Exall, Southern Star drill deep into Red Lake gold camp

TNM ARCHIVESThe Red Lake Gold Shore mine, 1937.


The Red Lake Gold Shore mine, 1937.

Red Lake, Ont. — This is a gold camp that has a history of regeneration, rising every few years on the back of a big discovery or an upturn in the gold market. The mid-1990s discoveries at the Red Lake mine did much to bring junior miners back, as have the improved gold prices of the last four years.

Rising and falling with the camp’s wider fortunes has been the Gold Eagle property, on McKenzie Island in Red Lake. An old producer from the 1940s, it is now held by a joint venture of Exall Resources (EXL-T, EXALF-O) and Southern Star Resources (SSR-T, SNSRF-O). The partners are testing some of the camp’s ultimate geological targets — structural extensions of other peoples’ mineralization, down nearly 2 km below the surface.

Exall is the original Gold Eagle Gold Mines, formed in 1934 and the product of mergers and reorganizations that took the company through incarnations like Goldray Mines and Canray Resources. Gold Eagle produced about 43,000 oz. in the late 1930s and early 1940s, while its richer neighbour to the north on McKenzie Island, McKenzie Red Lake, produced 647,000 oz. from about 2 million tonnes of ore between 1935 and 1966.

The Gold Eagle property stayed in the company through those years, often gathering dust during low periods in the gold market. In 1988, consultants recommended a drilling program on the property — prophetically, they suggested testing the southwest extension of the Cochenour-Willans mineralization — but poor conditions in the market held that program up.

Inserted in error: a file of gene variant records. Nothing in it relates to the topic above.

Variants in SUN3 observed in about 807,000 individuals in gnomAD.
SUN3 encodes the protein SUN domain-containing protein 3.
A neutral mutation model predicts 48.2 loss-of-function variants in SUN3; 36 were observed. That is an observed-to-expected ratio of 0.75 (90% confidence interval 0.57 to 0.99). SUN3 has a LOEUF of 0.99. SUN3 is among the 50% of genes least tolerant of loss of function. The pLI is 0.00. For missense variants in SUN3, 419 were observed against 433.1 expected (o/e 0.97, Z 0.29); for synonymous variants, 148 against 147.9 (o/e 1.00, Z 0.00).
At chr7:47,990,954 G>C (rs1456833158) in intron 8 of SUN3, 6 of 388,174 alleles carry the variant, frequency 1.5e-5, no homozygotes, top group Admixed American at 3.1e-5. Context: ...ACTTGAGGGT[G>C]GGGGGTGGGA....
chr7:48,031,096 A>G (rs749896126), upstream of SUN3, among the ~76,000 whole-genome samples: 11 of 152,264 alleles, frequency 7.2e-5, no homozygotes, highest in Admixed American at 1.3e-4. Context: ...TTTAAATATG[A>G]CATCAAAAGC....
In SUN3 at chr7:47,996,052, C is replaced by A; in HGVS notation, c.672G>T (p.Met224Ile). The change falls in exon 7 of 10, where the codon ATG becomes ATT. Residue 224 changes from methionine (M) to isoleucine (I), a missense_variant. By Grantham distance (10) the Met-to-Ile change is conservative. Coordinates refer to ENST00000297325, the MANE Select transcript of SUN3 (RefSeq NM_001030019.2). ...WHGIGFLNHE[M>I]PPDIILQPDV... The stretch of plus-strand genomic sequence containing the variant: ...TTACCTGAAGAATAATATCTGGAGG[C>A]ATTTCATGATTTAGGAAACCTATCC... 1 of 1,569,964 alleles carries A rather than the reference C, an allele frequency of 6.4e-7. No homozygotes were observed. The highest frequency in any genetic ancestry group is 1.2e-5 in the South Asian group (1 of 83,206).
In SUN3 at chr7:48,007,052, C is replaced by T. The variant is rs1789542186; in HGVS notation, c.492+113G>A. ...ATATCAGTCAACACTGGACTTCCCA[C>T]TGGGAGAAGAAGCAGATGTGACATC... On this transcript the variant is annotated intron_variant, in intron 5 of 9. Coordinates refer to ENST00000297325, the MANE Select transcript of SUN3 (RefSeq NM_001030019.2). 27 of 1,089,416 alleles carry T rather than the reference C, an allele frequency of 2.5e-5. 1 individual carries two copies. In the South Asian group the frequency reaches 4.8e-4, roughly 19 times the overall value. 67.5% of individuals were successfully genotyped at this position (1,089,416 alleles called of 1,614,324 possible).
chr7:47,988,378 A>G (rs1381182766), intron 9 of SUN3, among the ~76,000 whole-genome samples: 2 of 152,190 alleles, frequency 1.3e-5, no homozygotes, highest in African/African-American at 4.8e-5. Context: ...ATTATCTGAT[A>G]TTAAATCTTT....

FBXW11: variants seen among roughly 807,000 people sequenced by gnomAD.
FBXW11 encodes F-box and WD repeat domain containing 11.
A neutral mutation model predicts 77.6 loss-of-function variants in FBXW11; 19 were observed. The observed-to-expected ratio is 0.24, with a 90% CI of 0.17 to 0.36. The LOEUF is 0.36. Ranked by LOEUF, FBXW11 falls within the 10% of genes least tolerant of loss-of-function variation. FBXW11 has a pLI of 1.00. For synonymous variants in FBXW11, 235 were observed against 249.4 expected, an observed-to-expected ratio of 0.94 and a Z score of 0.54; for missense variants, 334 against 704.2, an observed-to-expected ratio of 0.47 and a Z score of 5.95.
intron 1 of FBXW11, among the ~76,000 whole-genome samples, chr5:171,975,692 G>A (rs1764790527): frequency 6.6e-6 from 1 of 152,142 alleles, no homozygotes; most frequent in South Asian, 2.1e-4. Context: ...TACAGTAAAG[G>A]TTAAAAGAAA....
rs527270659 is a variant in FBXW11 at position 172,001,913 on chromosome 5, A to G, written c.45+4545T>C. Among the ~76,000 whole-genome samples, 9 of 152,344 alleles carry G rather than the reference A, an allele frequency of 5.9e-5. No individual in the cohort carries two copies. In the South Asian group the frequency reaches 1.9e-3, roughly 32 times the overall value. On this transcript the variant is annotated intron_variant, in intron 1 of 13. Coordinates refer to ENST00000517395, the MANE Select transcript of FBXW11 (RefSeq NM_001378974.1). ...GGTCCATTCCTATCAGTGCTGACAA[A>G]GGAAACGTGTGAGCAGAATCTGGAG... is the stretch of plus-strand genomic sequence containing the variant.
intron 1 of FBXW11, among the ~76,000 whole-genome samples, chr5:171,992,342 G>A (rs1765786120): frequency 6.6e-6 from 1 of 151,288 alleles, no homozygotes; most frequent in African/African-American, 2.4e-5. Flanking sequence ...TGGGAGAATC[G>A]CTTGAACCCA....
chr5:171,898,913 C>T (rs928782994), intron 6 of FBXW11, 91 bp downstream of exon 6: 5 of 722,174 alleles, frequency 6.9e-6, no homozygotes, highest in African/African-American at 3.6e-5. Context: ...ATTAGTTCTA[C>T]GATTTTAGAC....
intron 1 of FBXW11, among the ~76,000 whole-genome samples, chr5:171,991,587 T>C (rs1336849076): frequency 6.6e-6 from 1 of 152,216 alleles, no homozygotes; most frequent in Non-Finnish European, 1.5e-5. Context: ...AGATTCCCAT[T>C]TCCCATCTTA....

In 1995, Canadian Golden Dragon Resources (CGG-V, CGDGF-O) optioned the property, with the intention of earning in for 50% by spending $3 million. Dragon ultimately dropped the option without significant results.

Southern Star came to the property in 2002, with a deal to earn a 50% interest by spending $2 million over three years. (Exall also got 3 million shares of Southern Star and $160,000 cash.) A property with a history of being optioned just as the market turned bad finally got a break, and stayed well-financed long enough for some real exploration. By early 2004, Southern Star had spent its full obligation and was a 50% partner.

The earliest efforts were spent on McKenzie Island, testing a zone that would ultimately be named the Western Discovery Zone. By 2004, drilling had outlined an inferred resource of 309,000 tonnes at a grade of 16.7 grams gold per tonne, or with high-grade assays capped, 13.2 grams.

But it is on deep targets in the Bruce Channel — the strip of Red Lake that separates McKenzie Island from the mainland to the east — that Exall and Southern Star are now concentrating. This is the same southwest-plunging zone from the Cochenour-Willans mine that Exall’s consultants had recommended testing in 1988. The zone crosses out of the Cochenour ground — now held by Goldcorp (g-t, gg-n) — at about 500 metres vertical depth. The joint venture’s intersections have been at 700 metres and deeper. The plunge is not steep, about 45, but further west, in the channel, the targets are as much as 1,900 metres down.